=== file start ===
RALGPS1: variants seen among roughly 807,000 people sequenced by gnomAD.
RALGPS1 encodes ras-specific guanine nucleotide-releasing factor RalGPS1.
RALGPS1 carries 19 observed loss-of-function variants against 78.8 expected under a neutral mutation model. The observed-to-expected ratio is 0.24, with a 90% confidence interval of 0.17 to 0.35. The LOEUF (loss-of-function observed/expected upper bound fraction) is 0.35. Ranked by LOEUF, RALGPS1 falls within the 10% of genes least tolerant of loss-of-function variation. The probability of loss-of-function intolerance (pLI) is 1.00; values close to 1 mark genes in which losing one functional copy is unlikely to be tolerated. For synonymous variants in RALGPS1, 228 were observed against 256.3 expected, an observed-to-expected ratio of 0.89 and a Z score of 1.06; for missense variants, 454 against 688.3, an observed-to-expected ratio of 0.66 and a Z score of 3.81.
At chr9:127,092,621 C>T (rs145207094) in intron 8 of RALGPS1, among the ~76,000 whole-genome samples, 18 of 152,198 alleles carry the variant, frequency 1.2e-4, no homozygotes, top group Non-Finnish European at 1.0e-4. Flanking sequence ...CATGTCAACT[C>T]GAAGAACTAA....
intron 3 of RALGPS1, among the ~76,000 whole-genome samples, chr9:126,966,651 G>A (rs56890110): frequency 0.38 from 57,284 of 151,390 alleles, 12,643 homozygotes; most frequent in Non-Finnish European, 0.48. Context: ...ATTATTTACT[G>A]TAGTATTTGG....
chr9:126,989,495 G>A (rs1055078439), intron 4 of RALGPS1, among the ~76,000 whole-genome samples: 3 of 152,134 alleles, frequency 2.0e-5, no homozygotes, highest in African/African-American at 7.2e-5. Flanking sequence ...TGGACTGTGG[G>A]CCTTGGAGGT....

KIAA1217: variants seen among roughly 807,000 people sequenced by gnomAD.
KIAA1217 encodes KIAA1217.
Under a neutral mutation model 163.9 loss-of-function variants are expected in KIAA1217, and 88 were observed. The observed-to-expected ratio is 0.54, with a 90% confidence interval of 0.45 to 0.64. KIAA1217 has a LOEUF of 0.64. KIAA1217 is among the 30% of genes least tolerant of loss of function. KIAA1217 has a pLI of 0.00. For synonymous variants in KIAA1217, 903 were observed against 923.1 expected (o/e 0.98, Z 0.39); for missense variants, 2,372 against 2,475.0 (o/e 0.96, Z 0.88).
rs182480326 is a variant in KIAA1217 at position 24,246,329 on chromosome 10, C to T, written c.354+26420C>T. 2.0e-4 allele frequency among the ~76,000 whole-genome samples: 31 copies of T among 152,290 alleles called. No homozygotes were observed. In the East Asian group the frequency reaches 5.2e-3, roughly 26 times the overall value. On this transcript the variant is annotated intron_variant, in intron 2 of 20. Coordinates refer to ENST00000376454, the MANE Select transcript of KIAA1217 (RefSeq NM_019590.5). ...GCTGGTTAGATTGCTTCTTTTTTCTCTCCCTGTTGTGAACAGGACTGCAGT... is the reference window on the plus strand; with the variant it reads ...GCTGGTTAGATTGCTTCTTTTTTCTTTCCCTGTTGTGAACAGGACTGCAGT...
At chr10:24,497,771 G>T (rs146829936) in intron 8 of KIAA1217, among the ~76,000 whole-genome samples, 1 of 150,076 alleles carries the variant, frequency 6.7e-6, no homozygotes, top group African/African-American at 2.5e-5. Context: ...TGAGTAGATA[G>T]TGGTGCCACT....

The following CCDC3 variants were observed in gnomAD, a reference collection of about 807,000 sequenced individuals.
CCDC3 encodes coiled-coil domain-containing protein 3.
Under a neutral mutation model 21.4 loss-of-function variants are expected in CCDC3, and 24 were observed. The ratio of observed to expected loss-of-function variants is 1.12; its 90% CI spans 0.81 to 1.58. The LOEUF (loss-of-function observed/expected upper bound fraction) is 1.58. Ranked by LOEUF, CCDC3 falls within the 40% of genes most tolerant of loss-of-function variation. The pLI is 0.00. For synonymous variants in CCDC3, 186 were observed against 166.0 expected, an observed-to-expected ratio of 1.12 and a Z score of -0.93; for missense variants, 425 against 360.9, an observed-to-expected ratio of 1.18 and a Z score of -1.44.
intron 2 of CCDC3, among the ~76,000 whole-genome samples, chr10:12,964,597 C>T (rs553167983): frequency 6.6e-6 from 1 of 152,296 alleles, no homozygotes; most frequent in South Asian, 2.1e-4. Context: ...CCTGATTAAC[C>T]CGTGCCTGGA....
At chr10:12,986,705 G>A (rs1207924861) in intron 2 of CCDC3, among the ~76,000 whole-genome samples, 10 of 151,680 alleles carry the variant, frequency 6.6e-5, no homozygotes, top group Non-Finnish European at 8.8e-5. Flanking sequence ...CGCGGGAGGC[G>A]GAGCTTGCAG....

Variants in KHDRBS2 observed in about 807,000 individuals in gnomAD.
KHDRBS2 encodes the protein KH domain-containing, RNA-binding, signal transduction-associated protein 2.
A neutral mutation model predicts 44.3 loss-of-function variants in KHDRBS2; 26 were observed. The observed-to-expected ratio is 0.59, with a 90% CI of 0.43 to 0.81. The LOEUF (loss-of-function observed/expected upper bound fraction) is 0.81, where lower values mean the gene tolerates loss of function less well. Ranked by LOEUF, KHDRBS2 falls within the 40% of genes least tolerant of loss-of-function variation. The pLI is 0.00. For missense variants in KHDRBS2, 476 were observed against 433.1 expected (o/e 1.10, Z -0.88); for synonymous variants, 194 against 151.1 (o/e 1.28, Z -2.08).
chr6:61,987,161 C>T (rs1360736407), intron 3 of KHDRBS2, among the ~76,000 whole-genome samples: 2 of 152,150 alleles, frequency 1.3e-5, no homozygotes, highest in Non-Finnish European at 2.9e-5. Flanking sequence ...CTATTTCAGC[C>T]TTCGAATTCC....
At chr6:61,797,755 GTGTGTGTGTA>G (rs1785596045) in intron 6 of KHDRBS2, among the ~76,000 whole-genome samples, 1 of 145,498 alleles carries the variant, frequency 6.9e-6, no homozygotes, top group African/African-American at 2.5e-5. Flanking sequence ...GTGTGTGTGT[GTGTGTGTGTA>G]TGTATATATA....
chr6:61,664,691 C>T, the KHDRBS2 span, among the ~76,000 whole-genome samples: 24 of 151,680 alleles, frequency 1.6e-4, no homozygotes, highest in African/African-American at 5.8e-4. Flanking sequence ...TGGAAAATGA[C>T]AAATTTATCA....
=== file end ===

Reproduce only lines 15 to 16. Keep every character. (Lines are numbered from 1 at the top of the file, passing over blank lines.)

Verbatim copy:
intron 2 of CCDC3, among the ~76,000 whole-genome samples, chr10:12,964,597 C>T (rs553167983): frequency 6.6e-6 from 1 of 152,296 alleles, no homozygotes; most frequent in South Asian, 2.1e-4. Context: ...CCTGATTAAC[C>T]CGTGCCTGGA....
At chr10:12,986,705 G>A (rs1207924861) in intron 2 of CCDC3, among the ~76,000 whole-genome samples, 10 of 151,680 alleles carry the variant, frequency 6.6e-5, no homozygotes, top group Non-Finnish European at 8.8e-5. Flanking sequence ...CGCGGGAGGC[G>A]GAGCTTGCAG....